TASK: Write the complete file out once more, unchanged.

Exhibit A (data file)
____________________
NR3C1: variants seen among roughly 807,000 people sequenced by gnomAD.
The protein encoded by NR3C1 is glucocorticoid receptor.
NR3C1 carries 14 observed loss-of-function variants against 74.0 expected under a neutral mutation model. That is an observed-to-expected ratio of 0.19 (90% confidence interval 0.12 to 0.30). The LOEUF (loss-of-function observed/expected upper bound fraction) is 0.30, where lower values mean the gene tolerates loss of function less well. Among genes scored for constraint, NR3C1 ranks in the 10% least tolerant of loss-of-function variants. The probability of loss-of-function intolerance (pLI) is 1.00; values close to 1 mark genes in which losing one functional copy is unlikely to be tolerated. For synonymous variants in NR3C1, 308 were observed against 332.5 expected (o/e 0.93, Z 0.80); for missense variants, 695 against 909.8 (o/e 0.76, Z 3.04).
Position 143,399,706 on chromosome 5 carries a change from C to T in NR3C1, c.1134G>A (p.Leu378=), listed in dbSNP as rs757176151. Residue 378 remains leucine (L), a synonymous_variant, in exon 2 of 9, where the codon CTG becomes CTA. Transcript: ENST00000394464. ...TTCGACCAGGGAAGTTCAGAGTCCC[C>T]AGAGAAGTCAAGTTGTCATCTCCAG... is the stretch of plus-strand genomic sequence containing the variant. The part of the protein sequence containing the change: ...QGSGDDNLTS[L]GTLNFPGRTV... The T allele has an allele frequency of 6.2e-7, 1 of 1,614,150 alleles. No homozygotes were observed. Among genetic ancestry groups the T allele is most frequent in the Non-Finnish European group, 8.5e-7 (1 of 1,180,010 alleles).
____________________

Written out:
NR3C1: variants seen among roughly 807,000 people sequenced by gnomAD.
The protein encoded by NR3C1 is glucocorticoid receptor.
NR3C1 carries 14 observed loss-of-function variants against 74.0 expected under a neutral mutation model. That is an observed-to-expected ratio of 0.19 (90% confidence interval 0.12 to 0.30). The LOEUF (loss-of-function observed/expected upper bound fraction) is 0.30, where lower values mean the gene tolerates loss of function less well. Among genes scored for constraint, NR3C1 ranks in the 10% least tolerant of loss-of-function variants. The probability of loss-of-function intolerance (pLI) is 1.00; values close to 1 mark genes in which losing one functional copy is unlikely to be tolerated. For synonymous variants in NR3C1, 308 were observed against 332.5 expected (o/e 0.93, Z 0.80); for missense variants, 695 against 909.8 (o/e 0.76, Z 3.04).
Position 143,399,706 on chromosome 5 carries a change from C to T in NR3C1, c.1134G>A (p.Leu378=), listed in dbSNP as rs757176151. Residue 378 remains leucine (L), a synonymous_variant, in exon 2 of 9, where the codon CTG becomes CTA. Transcript: ENST00000394464. ...TTCGACCAGGGAAGTTCAGAGTCCC[C>T]AGAGAAGTCAAGTTGTCATCTCCAG... is the stretch of plus-strand genomic sequence containing the variant. The part of the protein sequence containing the change: ...QGSGDDNLTS[L]GTLNFPGRTV... The T allele has an allele frequency of 6.2e-7, 1 of 1,614,150 alleles. No homozygotes were observed. Among genetic ancestry groups the T allele is most frequent in the Non-Finnish European group, 8.5e-7 (1 of 1,180,010 alleles).